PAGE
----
The scope of Williams's research is breathtaking yet, like modern masters of the form Mary Doria Russell, Hilary Mantel, David Mitchell, you are drawn naturally, unresistingly into a distant era by flesh-and-blood characters. Heartstrings are pulled in the opening pages and are never released, until the gasping end. There is humor and irony, violence and tragedy, longing and despair. I greedily devoured the pages of a dreamlike obsession with a child bride at a Chilean outpost, gasped at the crystalline and savage beauty of Alaska, burned with anger over sadistic priests on the California coast, mourned love found and lost during the heartbreaking Siberian journey of a translator and his devoted bodyguard. The scope of history and setting, of character and voice and emotion, is nothing short of astonishing.

This is simply the best of what historical fiction can be: a voyage of discovery that speaks to the imagination and the heart, swallowing the reader whole like a literary whale.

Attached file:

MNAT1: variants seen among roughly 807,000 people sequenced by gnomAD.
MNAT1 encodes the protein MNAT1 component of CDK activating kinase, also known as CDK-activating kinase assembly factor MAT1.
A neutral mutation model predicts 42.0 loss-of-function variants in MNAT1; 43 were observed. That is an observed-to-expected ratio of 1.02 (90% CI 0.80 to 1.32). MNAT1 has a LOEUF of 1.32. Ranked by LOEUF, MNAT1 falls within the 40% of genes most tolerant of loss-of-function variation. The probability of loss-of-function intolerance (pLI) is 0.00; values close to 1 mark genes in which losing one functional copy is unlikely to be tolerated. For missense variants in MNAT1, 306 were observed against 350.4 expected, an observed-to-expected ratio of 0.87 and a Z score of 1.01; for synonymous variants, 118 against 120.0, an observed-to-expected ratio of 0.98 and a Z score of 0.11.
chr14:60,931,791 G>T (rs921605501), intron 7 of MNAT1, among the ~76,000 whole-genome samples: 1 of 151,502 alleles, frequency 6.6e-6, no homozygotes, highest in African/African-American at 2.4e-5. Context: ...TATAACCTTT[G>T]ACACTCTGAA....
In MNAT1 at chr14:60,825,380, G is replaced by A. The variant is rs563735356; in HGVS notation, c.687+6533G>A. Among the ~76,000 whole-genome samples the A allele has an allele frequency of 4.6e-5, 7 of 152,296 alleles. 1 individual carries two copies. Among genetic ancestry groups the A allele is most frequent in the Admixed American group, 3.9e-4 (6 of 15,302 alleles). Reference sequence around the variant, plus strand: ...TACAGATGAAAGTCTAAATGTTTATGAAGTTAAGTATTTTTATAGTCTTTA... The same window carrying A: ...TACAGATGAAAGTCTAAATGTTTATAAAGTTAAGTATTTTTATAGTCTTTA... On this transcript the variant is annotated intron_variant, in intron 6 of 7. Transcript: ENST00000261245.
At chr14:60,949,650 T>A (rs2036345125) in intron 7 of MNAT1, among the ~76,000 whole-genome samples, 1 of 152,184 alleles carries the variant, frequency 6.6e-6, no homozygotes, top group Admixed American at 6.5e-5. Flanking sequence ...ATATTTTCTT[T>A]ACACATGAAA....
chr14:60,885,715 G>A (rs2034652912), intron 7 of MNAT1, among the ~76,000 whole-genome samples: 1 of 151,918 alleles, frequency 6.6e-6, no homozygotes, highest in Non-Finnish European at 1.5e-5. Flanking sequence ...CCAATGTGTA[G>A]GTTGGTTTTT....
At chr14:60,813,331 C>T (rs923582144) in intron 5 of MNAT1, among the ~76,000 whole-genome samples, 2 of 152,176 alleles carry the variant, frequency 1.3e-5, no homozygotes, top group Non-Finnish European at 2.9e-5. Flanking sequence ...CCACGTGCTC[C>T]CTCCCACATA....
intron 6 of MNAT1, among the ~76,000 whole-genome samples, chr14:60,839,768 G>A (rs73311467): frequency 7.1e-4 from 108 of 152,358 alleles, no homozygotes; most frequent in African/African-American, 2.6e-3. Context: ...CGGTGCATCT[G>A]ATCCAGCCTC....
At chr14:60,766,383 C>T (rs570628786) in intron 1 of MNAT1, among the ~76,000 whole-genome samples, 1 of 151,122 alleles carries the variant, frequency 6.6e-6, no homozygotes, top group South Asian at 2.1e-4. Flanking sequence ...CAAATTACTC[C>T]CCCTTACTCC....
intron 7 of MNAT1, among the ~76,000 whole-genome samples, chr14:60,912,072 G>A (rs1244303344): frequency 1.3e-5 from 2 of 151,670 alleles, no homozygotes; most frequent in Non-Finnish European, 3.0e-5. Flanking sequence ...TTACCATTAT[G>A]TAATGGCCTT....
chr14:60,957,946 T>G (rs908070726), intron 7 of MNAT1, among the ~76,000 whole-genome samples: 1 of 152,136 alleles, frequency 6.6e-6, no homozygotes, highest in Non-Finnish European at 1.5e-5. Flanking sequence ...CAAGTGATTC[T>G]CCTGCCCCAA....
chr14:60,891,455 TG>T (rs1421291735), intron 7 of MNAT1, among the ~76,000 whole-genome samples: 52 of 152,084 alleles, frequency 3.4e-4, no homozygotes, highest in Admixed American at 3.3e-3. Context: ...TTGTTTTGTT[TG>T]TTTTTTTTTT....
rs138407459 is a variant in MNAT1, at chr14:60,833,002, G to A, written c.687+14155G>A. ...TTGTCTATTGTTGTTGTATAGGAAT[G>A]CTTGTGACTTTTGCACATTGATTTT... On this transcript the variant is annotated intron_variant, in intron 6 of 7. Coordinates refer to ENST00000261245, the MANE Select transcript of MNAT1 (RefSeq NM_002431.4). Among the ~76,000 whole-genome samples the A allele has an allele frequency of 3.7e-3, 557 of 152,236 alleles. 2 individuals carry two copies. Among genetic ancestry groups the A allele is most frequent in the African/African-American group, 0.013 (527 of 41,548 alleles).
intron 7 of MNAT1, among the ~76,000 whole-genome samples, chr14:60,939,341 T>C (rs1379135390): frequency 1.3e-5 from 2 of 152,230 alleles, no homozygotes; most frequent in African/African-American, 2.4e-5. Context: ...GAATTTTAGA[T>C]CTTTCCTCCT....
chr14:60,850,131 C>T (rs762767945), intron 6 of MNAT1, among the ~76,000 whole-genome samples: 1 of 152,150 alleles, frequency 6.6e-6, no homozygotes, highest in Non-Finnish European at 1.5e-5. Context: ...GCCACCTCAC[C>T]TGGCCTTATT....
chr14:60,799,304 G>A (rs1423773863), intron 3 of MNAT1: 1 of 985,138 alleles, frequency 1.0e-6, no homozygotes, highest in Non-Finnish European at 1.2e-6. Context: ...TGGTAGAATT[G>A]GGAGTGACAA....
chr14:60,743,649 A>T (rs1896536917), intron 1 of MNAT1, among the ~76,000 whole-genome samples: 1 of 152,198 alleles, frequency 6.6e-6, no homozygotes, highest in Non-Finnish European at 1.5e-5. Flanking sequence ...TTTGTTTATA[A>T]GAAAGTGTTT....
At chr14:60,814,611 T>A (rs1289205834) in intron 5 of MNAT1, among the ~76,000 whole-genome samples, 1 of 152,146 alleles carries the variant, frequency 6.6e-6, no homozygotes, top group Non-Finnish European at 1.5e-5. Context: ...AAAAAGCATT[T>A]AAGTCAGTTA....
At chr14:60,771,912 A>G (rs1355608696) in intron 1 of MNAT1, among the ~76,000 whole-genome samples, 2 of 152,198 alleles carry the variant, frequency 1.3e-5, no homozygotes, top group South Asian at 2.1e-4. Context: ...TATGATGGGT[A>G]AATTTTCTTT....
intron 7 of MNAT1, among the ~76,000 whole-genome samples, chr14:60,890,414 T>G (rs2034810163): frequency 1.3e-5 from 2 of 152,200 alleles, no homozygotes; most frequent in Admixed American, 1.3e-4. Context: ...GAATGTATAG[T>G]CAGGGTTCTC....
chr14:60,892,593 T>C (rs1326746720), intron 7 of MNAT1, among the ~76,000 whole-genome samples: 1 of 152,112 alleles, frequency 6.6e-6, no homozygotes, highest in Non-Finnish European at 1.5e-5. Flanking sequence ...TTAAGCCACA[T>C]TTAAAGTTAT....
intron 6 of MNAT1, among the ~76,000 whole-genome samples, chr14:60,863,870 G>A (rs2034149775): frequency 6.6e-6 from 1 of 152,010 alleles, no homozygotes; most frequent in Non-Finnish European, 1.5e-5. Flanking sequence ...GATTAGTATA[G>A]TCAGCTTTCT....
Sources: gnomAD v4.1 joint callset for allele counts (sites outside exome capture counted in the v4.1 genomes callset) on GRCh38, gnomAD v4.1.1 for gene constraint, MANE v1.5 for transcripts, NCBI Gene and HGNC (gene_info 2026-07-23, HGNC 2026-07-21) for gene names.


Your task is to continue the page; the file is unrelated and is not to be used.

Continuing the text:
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Reading Progress

September 2, 2015 – Shelved
September 2, 2015 – Shelved as: to-read
October 13, 2015 – Started Reading
October 13, 2015 – Shelved as: australia-new-zealand-south-pacific
October 13, 2015 – Shelved as: european-setting-multiple-countries
October 13, 2015 – Shelved as: historical-fiction
October 13, 2015 –
page 46
14.6% "Heavens. Why aren't more people talking about this novel? 46 pages in and I'm calling it at 5-stars."
October 14, 2015 –
page 102